Saturday, 17 October 2009

I know this city!

The following is a series of extracts from BS Johnson's The Unfortunates, an experimental novel which for the most part was set in Nottingham - a city Johnson had visited on a number of occasions in the late 50s and early 60s. The following photographs are also from the same period and I have carefully matched some of his psychogeographic descriptions to what I believe are the exact locations. Well almost - there were no photos of the City Ground from this period which were suitable and so the following photo of Meadow Lane was more apt. Especially given the current fiasco. Why have I done this? Why I have ruined your imagination? Well, look away now if you don't want to see of course, but these descriptions, feelings, ramblings, observations, associations or whatever, are quite acute - that is all. Many thanks to Emily Kawasaki & James Forster for drawing my attention to this book some years ago - though I took my time getting round to it as per usual. Also thanks to Emily Wilczek for lending me the damn thing last summer. The photos are from here.

Covered courtyard, taxis, take a taxi, always take a taxi in a strange city, but no, I know this city! The mind circles, at random, does not remember, from one moment to another, other things interpose themselves, the mind's The station exit on a bridge, yes, of course, and the blackened gantries rise like steel gibbets above the Midland red wall opposite. I should turn right, right, towards the city centre, yes, ah, and that pub! On one visit here I came from this station sullen with depression, savage at myself for some reason I found it hard to define, isolate: and went into that pub, the nearer, on the corner, green glass, leaded panes, ordinary, for relief, which was a green shield Worthington, as I remember, if I remember.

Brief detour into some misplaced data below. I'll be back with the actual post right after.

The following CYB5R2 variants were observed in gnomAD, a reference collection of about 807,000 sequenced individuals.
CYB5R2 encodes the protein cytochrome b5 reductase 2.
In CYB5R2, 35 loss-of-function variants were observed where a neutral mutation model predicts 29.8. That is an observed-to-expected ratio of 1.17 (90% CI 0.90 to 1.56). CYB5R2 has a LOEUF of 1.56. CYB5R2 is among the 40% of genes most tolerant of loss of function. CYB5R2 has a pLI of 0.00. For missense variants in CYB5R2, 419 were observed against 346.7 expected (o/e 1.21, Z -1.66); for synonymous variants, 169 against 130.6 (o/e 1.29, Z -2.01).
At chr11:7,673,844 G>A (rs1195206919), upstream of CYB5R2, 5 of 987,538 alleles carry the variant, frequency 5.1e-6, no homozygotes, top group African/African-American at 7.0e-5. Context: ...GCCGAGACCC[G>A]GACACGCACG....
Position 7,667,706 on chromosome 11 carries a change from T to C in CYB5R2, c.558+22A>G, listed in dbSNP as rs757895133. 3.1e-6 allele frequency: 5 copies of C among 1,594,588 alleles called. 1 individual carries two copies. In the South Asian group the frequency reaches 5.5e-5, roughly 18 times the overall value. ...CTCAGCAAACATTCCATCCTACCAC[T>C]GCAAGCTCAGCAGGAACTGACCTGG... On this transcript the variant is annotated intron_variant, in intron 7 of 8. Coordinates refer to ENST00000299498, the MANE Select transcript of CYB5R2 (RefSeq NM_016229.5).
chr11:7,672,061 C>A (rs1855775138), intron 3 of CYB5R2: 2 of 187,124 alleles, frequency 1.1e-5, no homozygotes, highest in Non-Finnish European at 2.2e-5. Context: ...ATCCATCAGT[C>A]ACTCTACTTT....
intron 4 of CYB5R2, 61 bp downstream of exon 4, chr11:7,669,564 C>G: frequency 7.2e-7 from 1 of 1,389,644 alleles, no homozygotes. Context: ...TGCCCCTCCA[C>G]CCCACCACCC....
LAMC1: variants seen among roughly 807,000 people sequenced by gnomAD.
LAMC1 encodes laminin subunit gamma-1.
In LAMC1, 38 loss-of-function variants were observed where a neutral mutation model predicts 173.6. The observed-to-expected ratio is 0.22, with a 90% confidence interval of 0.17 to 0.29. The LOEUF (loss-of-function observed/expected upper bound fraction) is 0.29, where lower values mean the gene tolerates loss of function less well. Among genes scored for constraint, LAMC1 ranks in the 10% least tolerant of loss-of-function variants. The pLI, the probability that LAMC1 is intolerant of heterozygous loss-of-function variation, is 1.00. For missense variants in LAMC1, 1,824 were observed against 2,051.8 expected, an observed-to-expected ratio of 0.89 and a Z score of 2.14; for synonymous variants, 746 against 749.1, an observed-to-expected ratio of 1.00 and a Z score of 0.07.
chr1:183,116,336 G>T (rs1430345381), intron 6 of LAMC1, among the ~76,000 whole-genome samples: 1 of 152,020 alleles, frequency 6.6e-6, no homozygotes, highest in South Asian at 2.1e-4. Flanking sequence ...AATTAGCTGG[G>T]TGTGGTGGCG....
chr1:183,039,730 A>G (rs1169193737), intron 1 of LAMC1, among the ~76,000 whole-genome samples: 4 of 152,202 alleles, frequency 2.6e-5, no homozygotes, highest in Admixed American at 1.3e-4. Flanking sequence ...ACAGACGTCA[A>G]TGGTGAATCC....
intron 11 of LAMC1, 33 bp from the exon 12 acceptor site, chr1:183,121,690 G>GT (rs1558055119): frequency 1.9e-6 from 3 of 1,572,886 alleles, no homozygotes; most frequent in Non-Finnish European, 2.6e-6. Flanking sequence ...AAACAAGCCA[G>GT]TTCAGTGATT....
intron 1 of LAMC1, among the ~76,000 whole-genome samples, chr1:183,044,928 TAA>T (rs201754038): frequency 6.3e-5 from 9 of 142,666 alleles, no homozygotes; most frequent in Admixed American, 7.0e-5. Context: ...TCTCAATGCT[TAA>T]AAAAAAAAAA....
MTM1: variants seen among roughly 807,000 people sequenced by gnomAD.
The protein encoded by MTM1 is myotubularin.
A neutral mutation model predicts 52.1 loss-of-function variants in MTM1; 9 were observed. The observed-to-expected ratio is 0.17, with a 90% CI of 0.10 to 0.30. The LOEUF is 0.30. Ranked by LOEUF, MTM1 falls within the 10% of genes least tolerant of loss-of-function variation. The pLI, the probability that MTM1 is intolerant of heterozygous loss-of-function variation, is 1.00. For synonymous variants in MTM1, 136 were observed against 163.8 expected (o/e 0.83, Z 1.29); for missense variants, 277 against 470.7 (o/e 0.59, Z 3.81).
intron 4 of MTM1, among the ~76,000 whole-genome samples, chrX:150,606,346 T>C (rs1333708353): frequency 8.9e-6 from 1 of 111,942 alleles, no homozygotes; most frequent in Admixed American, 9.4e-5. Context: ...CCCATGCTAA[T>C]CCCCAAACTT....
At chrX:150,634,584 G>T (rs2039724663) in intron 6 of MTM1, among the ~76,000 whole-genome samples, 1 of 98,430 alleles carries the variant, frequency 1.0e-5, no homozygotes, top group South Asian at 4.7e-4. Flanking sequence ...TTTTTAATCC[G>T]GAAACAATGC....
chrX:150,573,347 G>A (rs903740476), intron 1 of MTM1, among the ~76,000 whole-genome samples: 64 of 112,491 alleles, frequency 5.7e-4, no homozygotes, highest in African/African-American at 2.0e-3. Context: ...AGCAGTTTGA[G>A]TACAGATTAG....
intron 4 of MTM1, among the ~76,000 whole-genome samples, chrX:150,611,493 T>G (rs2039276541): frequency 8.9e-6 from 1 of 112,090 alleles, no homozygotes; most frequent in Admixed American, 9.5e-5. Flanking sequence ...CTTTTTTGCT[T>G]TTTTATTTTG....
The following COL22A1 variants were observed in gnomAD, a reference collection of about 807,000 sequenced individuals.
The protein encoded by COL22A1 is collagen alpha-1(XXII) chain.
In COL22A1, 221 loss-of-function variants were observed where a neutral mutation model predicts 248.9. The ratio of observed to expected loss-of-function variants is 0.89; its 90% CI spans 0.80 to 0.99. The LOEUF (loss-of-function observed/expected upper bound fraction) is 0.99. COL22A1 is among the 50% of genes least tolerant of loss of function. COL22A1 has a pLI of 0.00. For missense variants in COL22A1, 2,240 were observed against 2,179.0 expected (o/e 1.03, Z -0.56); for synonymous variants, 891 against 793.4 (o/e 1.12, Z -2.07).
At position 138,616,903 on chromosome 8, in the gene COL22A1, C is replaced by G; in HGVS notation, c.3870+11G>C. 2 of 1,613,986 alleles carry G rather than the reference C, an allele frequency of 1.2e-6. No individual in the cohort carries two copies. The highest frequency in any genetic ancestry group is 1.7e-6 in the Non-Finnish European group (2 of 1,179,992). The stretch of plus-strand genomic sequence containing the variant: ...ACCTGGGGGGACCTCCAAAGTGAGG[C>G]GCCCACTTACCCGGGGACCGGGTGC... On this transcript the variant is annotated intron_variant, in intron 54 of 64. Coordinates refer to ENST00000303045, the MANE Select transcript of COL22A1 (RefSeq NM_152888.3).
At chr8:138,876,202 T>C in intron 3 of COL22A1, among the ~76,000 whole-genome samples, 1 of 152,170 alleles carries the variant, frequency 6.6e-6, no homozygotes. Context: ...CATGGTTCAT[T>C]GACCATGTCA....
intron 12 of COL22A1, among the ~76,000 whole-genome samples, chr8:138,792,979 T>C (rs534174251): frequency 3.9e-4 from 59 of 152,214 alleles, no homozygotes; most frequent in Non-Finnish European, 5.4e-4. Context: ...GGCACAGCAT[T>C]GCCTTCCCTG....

Southwell, the Chapter House, the delicate, convoluted carving on the capitals, foliage is it, yes, leaves, the book The Leaves of Southwell, now I think of it, though I did not know of it at the time, but June did, she knew the cathedral was important for at least this, that was perhaps the main reason why we visited it, when was it, fairly late in our friendship, for I had begun to take a great deal of interest in architecture, at the same time they moved to Lincoln, but how could it be, for they had the car, we went by car, their little blue Austin, which I had picked up for them, yes how the mind arranges itself, tried to sort things in orders, is perturbed if things are not sorted, are not in the right order, nags away. Southwell, said to June it was a useful place to bring children, to show them differences, for the nave was Norman, the choir EE, and the Chapter House, octagonal, best of all was Dec. The carving I was marvelously impressed with, appropriately, from a technical point of view the depth under the leaves, at such angles, but did not see the point of representing natural things thus, why, it is all tied up with truth, with things being what they are, and so on and so forth.

After we were well away from the village, they were guiding me on a ride, a journey. Tony took over, drove well enough, all he needed was experience, he passed his test not so very long after this. The mining villages around this city, I had not seen them before this first journey in their car. The fields around, just fields, no slagheaps that I remember, and suddenly the great wheels at the pithead on the skyline round the bend, classically, as if not industrial, not black country visual clichés. We had a drink somewhere, near a new bridge here, on the way back, it was dark by then, though summer, and in the car park there was some incident, I think someone was backing into Tony's path, and he kept going, they both kept going, and I was supposed to be the one looking out for a learner, but I could not reach the brake as it was the other side of Tony, farther from me, and all I could do was to push the horn button, to touch the horn ring, did it have one, that model, and the other man stopped in time.